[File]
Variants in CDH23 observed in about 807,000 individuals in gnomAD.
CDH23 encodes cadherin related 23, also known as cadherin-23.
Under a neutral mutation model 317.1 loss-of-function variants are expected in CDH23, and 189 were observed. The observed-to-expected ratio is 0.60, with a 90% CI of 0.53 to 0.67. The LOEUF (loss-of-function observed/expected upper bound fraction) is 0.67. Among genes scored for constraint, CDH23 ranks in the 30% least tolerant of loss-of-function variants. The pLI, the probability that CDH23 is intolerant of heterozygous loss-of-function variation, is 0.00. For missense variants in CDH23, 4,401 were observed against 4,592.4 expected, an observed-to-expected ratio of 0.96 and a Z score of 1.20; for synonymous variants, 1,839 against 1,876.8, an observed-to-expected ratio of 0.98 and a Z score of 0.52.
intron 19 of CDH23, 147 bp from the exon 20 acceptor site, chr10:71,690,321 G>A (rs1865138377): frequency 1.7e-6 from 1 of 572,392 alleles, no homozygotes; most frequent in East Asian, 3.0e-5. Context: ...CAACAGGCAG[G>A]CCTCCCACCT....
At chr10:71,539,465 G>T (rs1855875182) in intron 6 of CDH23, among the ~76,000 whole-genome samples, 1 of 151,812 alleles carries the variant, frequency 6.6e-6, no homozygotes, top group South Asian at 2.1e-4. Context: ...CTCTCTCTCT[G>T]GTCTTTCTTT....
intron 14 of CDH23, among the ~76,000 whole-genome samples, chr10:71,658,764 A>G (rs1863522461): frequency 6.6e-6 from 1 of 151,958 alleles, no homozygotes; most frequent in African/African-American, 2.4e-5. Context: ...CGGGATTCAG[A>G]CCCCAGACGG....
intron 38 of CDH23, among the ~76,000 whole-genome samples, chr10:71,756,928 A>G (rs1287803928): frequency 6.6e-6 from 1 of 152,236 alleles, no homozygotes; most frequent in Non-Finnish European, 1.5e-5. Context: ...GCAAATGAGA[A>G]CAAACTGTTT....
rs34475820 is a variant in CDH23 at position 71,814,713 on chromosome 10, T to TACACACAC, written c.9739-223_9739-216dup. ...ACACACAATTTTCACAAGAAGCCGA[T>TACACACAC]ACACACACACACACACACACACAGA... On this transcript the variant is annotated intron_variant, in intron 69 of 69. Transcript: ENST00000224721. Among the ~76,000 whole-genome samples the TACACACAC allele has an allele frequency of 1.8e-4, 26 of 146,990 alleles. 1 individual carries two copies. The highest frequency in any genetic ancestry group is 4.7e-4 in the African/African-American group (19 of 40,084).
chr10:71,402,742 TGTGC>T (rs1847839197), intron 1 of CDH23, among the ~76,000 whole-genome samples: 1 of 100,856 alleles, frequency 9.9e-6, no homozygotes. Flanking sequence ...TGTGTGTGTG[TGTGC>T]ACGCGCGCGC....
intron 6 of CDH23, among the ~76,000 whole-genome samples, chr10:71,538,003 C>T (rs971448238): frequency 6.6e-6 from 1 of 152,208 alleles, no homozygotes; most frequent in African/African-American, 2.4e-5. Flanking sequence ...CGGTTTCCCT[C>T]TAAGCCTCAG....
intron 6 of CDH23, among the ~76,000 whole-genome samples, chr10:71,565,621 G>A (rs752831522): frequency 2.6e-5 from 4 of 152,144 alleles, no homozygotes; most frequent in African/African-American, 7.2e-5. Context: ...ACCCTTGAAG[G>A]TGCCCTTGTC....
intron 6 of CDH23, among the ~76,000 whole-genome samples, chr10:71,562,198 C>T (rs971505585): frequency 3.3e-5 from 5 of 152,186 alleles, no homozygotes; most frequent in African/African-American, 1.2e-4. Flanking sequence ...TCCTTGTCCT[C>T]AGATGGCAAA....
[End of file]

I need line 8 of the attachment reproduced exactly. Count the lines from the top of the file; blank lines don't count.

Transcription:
rs34475820 is a variant in CDH23 at position 71,814,713 on chromosome 10, T to TACACACAC, written c.9739-223_9739-216dup. ...ACACACAATTTTCACAAGAAGCCGA[T>TACACACAC]ACACACACACACACACACACACAGA... On this transcript the variant is annotated intron_variant, in intron 69 of 69. Transcript: ENST00000224721. Among the ~76,000 whole-genome samples the TACACACAC allele has an allele frequency of 1.8e-4, 26 of 146,990 alleles. 1 individual carries two copies. The highest frequency in any genetic ancestry group is 4.7e-4 in the African/African-American group (19 of 40,084).